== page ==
How’s this for an alternative: an absolutely universal background check system. A system that is universally available to everyone, works 24/7 at approximately the same cost to run a static content website, can even work without immediate communication capability, inherently has no tracking of background check attempts, and based on the Public Key Infrastructure that is used to secure web sites. It would not be mandatory (except on FFLs, that stays) BUT because it is so simple, available and costs the checker nothing, if a felon is found in possession of a firearm, and they track it back to the person that provided it, ignorance wouldn’t be a defense. The trick is to make the background check process nearly costless, but the penalty for transferring a firearm to a prohibited person more consistently applied. What a prospective gun owners would experience is going to the FFL once to start the background check, just like they do today, except he might not buy the gun at that time. A few days later, after passing the background check, he gets a credit card sized piece of plastic from the FBI. On the front, it has his name and address but no picture. Instead, it describes the picture ID that must be presented with this card, same one shown to the FFL. There is also a certificate serial number and the serial number of the FFL clerk that started the background check. On the back is an optically read QR code with the certificate and digital signature on it such that a smartphone with a camera app could read the certificate and work out the check of trust. (No RFID.) A code word is necessary to add to the certificate to get it to decode, further protecting the integrity of the system. If all the certificates are valid, all the way back to the FBI’s root signing certificate, then the background check is good. If they don’t add up, or a certificate along the way has been revoked by the FBI, then the checker is so informed. He can proceed or not proceed at this point as he see fit, but the hammer will drop on him if he makes a mistake… so the good folks will send the prospective buyer off to get his chain of trust issues fixed at the closest FFL. There’d be a back-up phone based system, but it would be operated by the NRA or ACLU instead of the government.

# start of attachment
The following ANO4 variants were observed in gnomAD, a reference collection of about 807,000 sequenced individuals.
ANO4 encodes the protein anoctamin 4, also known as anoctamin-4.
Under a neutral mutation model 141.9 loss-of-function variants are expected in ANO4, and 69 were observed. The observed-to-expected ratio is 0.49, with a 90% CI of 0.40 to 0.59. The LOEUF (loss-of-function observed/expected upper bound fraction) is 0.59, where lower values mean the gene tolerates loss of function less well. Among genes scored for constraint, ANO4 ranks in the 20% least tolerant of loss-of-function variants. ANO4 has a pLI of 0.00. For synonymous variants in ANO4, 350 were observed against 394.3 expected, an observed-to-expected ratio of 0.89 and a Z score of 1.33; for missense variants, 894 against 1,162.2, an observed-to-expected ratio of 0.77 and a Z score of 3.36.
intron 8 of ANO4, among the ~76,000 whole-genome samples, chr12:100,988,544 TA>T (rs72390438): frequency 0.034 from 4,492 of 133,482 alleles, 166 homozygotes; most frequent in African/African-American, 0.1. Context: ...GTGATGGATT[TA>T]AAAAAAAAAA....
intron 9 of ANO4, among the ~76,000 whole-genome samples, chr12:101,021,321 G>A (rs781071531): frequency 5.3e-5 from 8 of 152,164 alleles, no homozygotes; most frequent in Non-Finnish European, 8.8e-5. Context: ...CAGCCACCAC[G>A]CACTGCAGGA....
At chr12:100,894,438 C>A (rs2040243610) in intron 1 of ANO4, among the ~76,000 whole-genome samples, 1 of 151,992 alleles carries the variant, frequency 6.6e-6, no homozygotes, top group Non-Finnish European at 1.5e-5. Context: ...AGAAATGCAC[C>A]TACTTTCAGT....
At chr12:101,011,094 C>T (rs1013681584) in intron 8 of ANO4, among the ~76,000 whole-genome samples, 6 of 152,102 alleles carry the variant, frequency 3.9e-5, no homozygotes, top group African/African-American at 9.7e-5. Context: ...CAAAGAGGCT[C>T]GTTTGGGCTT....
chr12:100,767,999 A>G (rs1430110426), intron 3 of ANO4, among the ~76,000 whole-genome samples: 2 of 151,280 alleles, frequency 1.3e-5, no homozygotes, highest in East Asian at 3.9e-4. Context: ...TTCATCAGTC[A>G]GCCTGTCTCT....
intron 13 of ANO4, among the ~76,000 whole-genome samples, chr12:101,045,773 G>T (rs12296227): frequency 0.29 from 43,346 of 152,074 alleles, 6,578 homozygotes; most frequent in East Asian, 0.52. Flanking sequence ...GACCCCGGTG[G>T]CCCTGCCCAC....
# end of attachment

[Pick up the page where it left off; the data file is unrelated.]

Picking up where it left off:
• No.
      Anything that creates a record of private transaction that is directly tied to firearms purchase is merely another way ’round to registration.